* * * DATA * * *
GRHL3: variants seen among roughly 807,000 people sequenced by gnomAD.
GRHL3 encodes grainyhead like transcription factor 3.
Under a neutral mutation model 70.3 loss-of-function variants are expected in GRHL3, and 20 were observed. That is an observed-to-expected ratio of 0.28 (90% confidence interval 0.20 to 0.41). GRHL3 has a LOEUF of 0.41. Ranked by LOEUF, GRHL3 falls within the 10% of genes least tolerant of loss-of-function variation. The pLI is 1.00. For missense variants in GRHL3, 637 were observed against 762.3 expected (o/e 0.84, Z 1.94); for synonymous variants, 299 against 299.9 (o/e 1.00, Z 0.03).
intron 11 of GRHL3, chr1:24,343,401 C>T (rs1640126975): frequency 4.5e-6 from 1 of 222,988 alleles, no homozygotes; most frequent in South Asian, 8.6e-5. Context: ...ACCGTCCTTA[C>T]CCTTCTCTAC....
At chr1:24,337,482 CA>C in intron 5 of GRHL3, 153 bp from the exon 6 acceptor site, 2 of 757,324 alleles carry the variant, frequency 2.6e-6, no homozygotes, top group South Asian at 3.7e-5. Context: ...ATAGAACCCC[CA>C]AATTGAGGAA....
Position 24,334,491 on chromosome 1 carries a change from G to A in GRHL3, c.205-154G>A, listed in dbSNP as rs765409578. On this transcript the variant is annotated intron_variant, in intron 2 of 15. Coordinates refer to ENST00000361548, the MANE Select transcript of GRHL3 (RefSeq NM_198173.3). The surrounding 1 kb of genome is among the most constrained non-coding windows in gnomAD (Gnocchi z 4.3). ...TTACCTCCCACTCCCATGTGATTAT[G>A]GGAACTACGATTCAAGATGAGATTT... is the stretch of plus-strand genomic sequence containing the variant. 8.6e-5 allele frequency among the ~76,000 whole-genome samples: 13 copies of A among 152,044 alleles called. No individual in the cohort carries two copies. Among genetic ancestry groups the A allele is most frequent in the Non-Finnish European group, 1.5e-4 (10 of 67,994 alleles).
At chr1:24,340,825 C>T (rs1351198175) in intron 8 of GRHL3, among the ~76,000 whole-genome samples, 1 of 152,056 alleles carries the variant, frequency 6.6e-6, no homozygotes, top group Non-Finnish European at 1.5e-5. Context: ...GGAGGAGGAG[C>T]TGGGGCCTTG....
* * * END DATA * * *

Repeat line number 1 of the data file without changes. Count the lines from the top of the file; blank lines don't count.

GRHL3: variants seen among roughly 807,000 people sequenced by gnomAD.